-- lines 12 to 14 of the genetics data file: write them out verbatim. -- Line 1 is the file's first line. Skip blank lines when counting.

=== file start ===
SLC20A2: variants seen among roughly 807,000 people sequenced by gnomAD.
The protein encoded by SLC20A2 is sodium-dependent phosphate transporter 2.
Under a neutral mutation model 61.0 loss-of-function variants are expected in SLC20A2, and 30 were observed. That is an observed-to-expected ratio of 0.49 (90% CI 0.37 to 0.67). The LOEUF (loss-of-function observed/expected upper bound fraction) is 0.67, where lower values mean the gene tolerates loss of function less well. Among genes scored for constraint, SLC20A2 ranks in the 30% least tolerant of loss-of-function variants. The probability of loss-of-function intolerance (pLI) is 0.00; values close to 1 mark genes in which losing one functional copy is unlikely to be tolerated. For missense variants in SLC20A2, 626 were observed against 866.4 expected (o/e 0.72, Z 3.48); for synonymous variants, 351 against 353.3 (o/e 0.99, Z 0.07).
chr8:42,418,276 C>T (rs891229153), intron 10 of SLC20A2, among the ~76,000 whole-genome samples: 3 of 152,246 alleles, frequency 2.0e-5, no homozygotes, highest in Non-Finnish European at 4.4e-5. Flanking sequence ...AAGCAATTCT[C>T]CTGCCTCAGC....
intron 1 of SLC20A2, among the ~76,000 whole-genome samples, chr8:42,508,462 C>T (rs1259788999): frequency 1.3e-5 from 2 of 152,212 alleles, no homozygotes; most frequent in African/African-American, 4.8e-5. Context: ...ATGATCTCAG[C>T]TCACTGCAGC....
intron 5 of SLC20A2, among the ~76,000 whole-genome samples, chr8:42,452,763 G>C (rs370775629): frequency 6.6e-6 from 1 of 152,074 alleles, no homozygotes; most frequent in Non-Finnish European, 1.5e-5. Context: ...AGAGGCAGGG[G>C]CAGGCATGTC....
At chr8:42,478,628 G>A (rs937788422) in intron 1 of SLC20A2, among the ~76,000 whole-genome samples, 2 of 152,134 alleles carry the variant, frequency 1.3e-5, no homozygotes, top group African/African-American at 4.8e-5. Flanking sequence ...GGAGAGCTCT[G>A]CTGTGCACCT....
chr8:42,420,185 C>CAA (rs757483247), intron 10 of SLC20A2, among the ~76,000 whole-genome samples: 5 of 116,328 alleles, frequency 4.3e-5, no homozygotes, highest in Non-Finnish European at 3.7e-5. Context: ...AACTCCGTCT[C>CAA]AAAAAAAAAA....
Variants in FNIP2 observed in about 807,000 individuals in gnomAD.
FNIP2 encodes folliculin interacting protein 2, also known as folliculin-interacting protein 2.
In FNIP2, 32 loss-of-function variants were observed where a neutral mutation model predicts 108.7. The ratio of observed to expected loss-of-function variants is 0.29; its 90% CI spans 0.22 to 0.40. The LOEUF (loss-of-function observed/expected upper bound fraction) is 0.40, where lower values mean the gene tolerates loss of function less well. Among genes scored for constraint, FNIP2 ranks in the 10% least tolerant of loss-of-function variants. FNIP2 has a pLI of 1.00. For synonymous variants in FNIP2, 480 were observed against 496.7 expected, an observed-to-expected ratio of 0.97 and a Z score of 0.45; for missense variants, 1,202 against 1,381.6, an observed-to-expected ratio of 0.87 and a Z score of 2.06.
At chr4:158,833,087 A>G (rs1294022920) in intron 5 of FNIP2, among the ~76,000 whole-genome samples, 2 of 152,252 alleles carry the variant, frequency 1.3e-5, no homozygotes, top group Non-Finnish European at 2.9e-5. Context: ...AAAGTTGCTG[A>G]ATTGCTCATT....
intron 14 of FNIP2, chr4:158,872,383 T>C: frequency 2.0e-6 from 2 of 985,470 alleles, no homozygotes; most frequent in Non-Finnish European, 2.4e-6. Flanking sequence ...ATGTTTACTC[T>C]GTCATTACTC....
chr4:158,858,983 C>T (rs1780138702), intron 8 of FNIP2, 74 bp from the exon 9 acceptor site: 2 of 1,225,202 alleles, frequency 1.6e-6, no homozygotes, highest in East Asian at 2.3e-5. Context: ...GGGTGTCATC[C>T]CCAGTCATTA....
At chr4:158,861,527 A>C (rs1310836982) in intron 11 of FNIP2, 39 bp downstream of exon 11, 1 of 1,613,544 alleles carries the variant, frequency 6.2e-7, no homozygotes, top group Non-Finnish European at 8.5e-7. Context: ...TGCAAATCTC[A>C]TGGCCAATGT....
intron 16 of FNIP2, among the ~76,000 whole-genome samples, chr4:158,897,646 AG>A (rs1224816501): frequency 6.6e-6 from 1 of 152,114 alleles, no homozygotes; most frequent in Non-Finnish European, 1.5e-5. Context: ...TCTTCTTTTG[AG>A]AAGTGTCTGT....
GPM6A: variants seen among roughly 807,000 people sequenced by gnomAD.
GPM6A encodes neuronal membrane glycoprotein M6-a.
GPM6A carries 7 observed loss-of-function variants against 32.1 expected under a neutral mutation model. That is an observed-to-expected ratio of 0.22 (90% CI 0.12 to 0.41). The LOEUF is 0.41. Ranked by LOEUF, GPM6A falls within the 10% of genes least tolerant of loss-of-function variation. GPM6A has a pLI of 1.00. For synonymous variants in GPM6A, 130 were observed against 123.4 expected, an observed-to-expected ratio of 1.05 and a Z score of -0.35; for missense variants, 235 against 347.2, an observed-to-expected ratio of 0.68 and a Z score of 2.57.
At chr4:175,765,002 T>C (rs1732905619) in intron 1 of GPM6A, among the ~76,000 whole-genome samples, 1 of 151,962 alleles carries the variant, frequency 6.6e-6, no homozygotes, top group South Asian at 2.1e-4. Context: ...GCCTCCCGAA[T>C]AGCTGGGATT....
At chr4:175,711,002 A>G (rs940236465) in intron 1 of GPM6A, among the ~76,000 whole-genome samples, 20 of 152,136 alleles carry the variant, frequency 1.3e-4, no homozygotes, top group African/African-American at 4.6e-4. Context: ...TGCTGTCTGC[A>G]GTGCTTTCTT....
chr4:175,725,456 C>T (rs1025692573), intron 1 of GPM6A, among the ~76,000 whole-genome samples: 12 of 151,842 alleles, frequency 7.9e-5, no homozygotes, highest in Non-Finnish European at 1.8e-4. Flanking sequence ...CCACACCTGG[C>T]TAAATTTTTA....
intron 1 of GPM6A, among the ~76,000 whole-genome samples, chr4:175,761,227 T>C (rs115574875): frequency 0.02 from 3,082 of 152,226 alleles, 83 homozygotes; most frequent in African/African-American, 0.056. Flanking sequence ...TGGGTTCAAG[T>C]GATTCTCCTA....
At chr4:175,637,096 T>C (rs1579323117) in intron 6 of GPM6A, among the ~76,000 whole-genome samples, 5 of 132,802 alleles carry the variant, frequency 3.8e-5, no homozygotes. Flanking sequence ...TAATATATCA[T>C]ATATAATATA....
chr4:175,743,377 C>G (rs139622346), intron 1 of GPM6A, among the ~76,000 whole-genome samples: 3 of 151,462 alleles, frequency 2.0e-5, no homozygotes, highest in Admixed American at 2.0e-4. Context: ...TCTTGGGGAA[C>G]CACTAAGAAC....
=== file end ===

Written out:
At chr4:158,833,087 A>G (rs1294022920) in intron 5 of FNIP2, among the ~76,000 whole-genome samples, 2 of 152,252 alleles carry the variant, frequency 1.3e-5, no homozygotes, top group Non-Finnish European at 2.9e-5. Context: ...AAAGTTGCTG[A>G]ATTGCTCATT....
intron 14 of FNIP2, chr4:158,872,383 T>C: frequency 2.0e-6 from 2 of 985,470 alleles, no homozygotes; most frequent in Non-Finnish European, 2.4e-6. Flanking sequence ...ATGTTTACTC[T>C]GTCATTACTC....
chr4:158,858,983 C>T (rs1780138702), intron 8 of FNIP2, 74 bp from the exon 9 acceptor site: 2 of 1,225,202 alleles, frequency 1.6e-6, no homozygotes, highest in East Asian at 2.3e-5. Context: ...GGGTGTCATC[C>T]CCAGTCATTA....